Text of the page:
Last week’s economic report schedule included notable reports with the CPI & Core CPI in addition to PPI and Core PPI. Many markets are keeping a close eye on the inflation numbers for the U.S. as well as many other parts of the world to help guide their policies.
Other notable reports were MBA Mortgage Applications Index and the University of Michigan Consumer Sentiment Report (Prelim.)
Consumer Price Index
With current inflation data, the Federal Reserve has hinted that they are close to ending their rate-hiking cycle for the future. This reflects a greater optimism for a soft landing in many markets.
- Cost of goods rose 0.9% in September after a 2% gain in the prior month.
- The cost of services rose 0.3% last month, up slightly from 0.2% in August.
- Energy prices rose 3.3% in September, down from a 10.3% gain in the previous month.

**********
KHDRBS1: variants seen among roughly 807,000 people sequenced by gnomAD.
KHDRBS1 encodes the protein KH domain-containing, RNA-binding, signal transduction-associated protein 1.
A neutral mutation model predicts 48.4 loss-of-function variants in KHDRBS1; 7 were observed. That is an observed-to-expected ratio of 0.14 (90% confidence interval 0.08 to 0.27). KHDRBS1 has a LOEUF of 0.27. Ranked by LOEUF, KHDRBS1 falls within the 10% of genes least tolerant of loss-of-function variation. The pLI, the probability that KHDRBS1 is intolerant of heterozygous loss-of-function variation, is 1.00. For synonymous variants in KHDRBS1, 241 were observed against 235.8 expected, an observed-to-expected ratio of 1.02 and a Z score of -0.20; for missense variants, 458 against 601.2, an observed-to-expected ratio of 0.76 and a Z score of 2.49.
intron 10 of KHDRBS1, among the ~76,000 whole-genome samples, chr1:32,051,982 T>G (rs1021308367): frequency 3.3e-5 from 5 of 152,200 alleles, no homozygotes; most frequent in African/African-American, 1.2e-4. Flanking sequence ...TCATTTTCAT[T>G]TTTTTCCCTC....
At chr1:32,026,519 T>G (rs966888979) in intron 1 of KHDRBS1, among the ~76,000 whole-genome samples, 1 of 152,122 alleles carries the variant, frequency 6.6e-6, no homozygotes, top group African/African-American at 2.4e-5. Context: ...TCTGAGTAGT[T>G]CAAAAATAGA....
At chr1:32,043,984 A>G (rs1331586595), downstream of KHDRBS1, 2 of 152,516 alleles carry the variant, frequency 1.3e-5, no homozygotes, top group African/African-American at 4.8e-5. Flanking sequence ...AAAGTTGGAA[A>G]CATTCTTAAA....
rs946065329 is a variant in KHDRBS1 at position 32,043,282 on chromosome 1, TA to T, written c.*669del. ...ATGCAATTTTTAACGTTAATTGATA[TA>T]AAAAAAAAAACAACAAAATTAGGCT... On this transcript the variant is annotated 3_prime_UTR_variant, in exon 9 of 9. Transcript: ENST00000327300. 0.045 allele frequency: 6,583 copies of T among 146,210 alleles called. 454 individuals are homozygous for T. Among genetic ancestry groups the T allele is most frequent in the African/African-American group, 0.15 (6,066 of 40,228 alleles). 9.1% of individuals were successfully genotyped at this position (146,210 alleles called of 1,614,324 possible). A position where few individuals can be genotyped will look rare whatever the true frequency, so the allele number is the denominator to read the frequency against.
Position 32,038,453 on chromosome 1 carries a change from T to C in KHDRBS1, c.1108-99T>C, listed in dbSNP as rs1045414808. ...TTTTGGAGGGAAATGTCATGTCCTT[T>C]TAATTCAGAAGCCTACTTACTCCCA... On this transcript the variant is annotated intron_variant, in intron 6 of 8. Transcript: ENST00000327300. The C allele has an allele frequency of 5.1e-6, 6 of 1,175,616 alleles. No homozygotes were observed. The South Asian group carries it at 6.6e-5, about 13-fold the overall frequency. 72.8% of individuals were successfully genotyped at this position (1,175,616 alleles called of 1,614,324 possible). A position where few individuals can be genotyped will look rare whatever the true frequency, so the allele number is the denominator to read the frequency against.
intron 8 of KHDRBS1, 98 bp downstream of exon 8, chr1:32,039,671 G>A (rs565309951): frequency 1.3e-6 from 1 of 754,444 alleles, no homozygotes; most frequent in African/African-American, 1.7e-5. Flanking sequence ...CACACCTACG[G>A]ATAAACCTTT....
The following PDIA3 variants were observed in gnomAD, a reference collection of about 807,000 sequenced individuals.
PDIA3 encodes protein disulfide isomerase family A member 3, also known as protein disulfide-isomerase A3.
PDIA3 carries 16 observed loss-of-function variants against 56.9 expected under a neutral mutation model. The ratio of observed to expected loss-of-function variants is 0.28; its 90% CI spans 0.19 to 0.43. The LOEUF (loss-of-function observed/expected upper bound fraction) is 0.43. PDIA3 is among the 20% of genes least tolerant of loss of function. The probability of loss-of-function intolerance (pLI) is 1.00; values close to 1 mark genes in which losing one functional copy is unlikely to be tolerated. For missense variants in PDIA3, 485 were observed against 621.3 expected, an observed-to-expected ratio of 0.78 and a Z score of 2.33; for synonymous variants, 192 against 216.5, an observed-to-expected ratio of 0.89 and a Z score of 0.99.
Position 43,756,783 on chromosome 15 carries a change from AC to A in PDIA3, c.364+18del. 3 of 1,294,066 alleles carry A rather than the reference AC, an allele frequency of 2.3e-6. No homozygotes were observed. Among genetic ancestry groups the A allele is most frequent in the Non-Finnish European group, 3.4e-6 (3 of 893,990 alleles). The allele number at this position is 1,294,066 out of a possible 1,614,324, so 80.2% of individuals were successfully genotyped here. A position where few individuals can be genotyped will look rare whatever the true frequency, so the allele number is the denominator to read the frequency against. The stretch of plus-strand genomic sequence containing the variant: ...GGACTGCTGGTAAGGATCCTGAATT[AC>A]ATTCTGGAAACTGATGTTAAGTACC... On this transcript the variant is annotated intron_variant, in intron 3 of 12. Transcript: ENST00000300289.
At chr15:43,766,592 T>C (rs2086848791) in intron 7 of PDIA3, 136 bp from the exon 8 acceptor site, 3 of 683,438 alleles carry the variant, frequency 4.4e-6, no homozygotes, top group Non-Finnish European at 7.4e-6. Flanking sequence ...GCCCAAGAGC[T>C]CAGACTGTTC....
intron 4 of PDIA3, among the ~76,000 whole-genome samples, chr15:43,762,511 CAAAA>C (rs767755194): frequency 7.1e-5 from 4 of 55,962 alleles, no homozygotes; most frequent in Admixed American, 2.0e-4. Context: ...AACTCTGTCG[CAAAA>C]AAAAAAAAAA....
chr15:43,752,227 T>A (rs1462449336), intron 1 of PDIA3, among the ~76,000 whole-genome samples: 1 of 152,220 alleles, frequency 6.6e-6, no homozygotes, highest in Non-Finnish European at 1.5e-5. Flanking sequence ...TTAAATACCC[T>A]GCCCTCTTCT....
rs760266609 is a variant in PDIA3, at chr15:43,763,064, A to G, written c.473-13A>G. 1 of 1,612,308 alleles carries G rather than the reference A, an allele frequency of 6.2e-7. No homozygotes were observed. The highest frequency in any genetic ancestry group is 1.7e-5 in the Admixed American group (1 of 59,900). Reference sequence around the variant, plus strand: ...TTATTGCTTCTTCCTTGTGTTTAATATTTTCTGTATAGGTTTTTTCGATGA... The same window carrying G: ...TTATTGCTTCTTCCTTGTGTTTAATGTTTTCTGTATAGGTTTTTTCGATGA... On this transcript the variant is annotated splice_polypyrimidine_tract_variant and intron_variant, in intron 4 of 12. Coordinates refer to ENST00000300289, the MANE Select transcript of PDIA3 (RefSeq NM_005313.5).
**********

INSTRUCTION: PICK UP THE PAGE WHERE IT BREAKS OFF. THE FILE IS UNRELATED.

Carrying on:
- Wholesale food prices have moved up 0.9% after a 0.5% fall in the previous month
Product Price Index
Over the last year, the mainline PPI is up 2.2% in September, up from 2% in the prior month. This is the highest rate since April.
- Core PPI has had an increase of 0.3% over the previous month.
- PPI has had an increase of 0.5% over the previous month.
Key point: This is the second month in a row that goods prices have outpaced service costs.
Mortgage Applications Increased for the Month of October
MBA Mortgage Applications Increase, a measure of mortgage loan application volume, increased 0.6% percent compared to the previous month which had seen a -6.0% reduction.
University of Michigan Consumer Sentiment Report
The University of Michigan reported that the preliminary index for Consumer Sentiment in October came in at 63, missing the consensus estimate of 67.4. The final reading of the index for September was 68.1. Expectations for the one-year inflation rate rose to 3.8% in October from 3.2% in September, marking its highest reading since May.
This week’s scheduled economic reports include readings on inflation, U.S. retail sales, and the preliminary monthly report on consumer sentiment. Weekly readings on mortgage rates and initial jobless claims will also be released.